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January 2013 Archives

Are Unemployment Insurance Benefits Taxable?

It's tax time, and workers who collected unemployment in Wisconsin in 2012 are wondering whether they owe any taxes on their benefit payments. In short, they do. In 2009, the first $2,400 of unemployment insurance payments was exempt from federal income tax. The reprieve was only temporary, however. Like most sources of income, all unemployment payments have been taxable at both the state and federal level in Wisconsin since 2010.

Federal court finds risk of drug relapse is a disability

Many people in Wisconsin have long-term disability insurance policies through their employers. Others may have purchased long-term disability insurance independently. This is a very important type of insurance because it provides a safety net in case one suddenly can no longer work due to an illness or in injury. However, as with many types of insurance, it can be difficult to get the insurer to hold up to its end of the deal when it is time to obtain benefits.

Thousands get new SSDI hearings due to judges' bias

There are a number of reasons that the vast majority of Social Security disability claims out of Wisconsin are denied the first time around. One reason is that because the application process is very complicated applicants often fail to provide sufficient documentation of their disabilities. Another reason is that the Social Security Administration has an immense backlog of applications, so individual judges fail to give each application the attention it deserves.

Will doping admission affect Lance Armstrong whistle-blower case?

Now that Lance Armstrong has reportedly come clean to the public about using performance-enhancing drugs, there is much speculation about the legal repercussions. Armstrong's confession is in contrast to statements he has made under oath and to lawsuits he's won against those who tried to out him in the past. While it is unclear what may now become of those cases, Armstrong's recent admission may put fire under the U.S. government to join a whistle-blower lawsuit against him.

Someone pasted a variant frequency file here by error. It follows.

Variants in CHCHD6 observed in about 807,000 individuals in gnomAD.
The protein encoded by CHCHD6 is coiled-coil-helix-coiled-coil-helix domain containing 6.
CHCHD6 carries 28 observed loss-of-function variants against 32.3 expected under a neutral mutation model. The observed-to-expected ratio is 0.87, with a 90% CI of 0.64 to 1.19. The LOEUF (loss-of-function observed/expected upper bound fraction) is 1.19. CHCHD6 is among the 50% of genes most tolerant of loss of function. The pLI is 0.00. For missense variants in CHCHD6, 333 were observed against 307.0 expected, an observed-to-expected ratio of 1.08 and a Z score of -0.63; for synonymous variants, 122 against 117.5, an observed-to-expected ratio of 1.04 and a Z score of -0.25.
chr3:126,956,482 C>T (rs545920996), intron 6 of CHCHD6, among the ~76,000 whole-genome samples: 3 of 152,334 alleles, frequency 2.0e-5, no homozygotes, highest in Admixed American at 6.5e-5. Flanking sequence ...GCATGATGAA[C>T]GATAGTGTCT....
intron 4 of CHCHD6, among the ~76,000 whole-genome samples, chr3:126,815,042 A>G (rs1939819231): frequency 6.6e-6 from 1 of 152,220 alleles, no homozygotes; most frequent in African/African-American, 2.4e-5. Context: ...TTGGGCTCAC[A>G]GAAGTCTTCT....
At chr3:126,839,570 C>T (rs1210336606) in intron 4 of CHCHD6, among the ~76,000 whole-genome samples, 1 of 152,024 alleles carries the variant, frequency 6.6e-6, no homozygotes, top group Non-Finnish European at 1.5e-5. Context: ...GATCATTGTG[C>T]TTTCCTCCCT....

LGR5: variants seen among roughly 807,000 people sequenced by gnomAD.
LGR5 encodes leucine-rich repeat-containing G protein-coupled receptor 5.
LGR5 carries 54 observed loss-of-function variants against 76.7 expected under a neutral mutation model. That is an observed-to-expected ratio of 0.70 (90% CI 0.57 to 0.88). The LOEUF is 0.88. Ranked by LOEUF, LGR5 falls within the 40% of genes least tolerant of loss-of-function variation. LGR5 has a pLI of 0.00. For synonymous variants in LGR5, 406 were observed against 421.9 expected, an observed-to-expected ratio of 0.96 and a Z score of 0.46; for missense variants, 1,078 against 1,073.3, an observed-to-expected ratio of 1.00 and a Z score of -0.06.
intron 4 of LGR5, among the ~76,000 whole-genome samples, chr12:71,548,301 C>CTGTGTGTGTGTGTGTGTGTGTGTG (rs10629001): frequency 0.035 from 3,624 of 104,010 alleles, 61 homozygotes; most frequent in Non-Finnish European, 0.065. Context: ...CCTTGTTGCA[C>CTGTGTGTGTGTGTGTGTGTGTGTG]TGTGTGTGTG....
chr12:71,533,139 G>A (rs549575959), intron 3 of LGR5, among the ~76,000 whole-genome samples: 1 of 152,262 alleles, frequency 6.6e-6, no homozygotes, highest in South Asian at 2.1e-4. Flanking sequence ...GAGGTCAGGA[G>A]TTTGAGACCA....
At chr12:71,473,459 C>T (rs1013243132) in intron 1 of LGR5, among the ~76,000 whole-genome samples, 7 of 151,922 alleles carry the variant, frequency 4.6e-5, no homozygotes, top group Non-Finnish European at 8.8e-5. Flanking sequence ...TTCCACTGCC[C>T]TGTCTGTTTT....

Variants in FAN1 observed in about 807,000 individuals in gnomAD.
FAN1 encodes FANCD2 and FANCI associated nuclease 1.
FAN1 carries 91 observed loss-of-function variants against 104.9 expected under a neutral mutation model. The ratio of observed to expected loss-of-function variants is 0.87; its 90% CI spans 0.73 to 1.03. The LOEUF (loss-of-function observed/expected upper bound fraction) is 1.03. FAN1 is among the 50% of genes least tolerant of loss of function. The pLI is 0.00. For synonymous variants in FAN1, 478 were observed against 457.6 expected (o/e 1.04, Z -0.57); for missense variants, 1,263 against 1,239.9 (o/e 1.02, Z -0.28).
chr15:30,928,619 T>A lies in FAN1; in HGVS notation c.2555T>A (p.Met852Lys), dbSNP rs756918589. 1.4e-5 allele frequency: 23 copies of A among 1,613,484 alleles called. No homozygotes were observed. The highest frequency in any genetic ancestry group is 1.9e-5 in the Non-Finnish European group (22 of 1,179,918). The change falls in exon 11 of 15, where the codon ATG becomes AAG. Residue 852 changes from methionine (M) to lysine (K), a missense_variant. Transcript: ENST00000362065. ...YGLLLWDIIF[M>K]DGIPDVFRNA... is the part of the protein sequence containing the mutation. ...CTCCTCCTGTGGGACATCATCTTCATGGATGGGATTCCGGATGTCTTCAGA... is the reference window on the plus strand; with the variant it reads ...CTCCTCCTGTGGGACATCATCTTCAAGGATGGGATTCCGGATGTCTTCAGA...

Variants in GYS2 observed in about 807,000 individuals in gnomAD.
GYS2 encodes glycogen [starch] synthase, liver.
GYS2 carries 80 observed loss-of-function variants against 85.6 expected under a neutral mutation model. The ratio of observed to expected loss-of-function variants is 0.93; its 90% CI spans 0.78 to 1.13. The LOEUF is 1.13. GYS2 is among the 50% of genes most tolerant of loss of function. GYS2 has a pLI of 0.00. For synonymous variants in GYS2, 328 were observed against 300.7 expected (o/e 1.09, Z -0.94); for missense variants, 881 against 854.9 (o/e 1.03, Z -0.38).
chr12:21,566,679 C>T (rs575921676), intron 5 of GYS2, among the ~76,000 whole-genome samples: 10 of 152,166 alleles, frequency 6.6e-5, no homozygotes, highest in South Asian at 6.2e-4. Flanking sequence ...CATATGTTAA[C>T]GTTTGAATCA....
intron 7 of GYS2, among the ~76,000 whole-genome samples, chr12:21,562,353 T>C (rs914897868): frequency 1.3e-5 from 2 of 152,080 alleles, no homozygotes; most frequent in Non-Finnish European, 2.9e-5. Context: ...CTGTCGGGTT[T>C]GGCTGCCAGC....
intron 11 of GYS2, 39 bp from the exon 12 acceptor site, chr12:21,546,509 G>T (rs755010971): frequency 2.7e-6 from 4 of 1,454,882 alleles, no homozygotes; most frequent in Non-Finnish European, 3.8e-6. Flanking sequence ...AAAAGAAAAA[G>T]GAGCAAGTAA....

Merrill, Wisconsin, restaurant settles sexual harassment lawsuit

When employers learn of sexual harassment in their places of employment, they are bound by federal law to immediately take an effective action to put a stop to it. When employers fail to respond appropriately to reports of sexual harassment, they can be held accountable and they may be liable for damages to victims.

EEOC says firm discriminated against worker with breast cancer

A key aspect of the Americans with Disabilities Act is the fact that employers need to grant reasonable accommodations to employees with disabilities. In order to eliminate artificial barriers to employment, employers must work with disabled employees to provide things that may be necessary such as a restructuring of duties, tools for the job, a job-protected leave, a modified work schedule or a reassignment, for example. When employers fail to abide by the law and provide accommodations, there may be consequences.

Government strikes back against Amgen whistle-blower

Under the federal False Claims Act, citizens can blow the whistle on a business or person that is defrauding the government or violating government regulations. Often, employees bring such lawsuits because they have inside knowledge of wrongdoing. As a reward for blowing the whistle, False Claims Act whistle-blowers are entitled to a piece of any resulting financial settlement; this is called a relator's share. However, these lawsuits are very complicated. In a case that just ended, the government has moved to dismiss a case due to a whistle-blower's actions.

How does Wisconsin rank when it comes to paternity leave rights?

Expecting fathers here in Wisconsin may want to think about moving abroad. This week, Finland enacted a new law that allows new fathers to take 54 days of paid leave following the birth of a child. Of course, Finland is not the only place to find mandatory paid paternity leave; there are countries all over the world where this is the norm. For example, in Sweden fathers receive 480 days of paid paternity leave. Of course, that is nowhere near the case here in the U.S. where many argue that our family leave laws are actually biased against fathers.

Appeals court awards disability benefits to Ground Zero police

Long-term disability insurance is meant to be a safety net for workers should they become disabled before retirement. Unfortunately, as with many forms of insurance, insurers often wrongly deny claims or minimize payouts. Long-term disability denials are often results of insurance-friendly doctors finding that the disability was a result of a pre-existing medical condition. Such was the case for two New York City police officers who were diagnosed with cancer following their work at Ground Zero after the September 11 attacks.

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